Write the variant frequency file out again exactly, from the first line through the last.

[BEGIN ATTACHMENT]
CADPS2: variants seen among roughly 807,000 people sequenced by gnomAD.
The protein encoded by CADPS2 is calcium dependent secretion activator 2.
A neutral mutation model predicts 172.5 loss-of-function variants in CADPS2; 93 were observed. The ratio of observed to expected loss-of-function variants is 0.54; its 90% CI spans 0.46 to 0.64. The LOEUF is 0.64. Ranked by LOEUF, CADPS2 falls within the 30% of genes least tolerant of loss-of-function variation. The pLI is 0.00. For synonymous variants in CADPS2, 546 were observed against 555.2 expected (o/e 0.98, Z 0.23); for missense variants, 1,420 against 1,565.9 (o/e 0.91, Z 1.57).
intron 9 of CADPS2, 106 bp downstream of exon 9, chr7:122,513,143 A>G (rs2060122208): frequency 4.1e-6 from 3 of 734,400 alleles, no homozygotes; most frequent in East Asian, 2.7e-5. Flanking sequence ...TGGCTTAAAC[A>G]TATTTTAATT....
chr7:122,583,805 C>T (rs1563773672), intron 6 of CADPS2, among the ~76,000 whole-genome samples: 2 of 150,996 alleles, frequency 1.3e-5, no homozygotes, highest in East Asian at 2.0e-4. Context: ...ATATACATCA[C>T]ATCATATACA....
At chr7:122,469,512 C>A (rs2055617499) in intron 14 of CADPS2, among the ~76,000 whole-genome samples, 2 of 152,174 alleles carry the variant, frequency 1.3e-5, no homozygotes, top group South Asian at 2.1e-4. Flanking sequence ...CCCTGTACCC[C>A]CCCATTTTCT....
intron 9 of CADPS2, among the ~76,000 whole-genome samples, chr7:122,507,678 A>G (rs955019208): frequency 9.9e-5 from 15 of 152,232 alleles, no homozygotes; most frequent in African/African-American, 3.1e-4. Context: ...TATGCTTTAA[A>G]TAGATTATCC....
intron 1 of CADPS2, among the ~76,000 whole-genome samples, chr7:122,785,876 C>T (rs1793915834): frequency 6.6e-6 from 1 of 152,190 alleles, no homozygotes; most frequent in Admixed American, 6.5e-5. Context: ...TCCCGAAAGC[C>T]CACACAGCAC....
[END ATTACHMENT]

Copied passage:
CADPS2: variants seen among roughly 807,000 people sequenced by gnomAD.
The protein encoded by CADPS2 is calcium dependent secretion activator 2.
A neutral mutation model predicts 172.5 loss-of-function variants in CADPS2; 93 were observed. The ratio of observed to expected loss-of-function variants is 0.54; its 90% CI spans 0.46 to 0.64. The LOEUF is 0.64. Ranked by LOEUF, CADPS2 falls within the 30% of genes least tolerant of loss-of-function variation. The pLI is 0.00. For synonymous variants in CADPS2, 546 were observed against 555.2 expected (o/e 0.98, Z 0.23); for missense variants, 1,420 against 1,565.9 (o/e 0.91, Z 1.57).
intron 9 of CADPS2, 106 bp downstream of exon 9, chr7:122,513,143 A>G (rs2060122208): frequency 4.1e-6 from 3 of 734,400 alleles, no homozygotes; most frequent in East Asian, 2.7e-5. Flanking sequence ...TGGCTTAAAC[A>G]TATTTTAATT....
chr7:122,583,805 C>T (rs1563773672), intron 6 of CADPS2, among the ~76,000 whole-genome samples: 2 of 150,996 alleles, frequency 1.3e-5, no homozygotes, highest in East Asian at 2.0e-4. Context: ...ATATACATCA[C>T]ATCATATACA....
At chr7:122,469,512 C>A (rs2055617499) in intron 14 of CADPS2, among the ~76,000 whole-genome samples, 2 of 152,174 alleles carry the variant, frequency 1.3e-5, no homozygotes, top group South Asian at 2.1e-4. Flanking sequence ...CCCTGTACCC[C>A]CCCATTTTCT....
intron 9 of CADPS2, among the ~76,000 whole-genome samples, chr7:122,507,678 A>G (rs955019208): frequency 9.9e-5 from 15 of 152,232 alleles, no homozygotes; most frequent in African/African-American, 3.1e-4. Context: ...TATGCTTTAA[A>G]TAGATTATCC....
intron 1 of CADPS2, among the ~76,000 whole-genome samples, chr7:122,785,876 C>T (rs1793915834): frequency 6.6e-6 from 1 of 152,190 alleles, no homozygotes; most frequent in Admixed American, 6.5e-5. Context: ...TCCCGAAAGC[C>T]CACACAGCAC....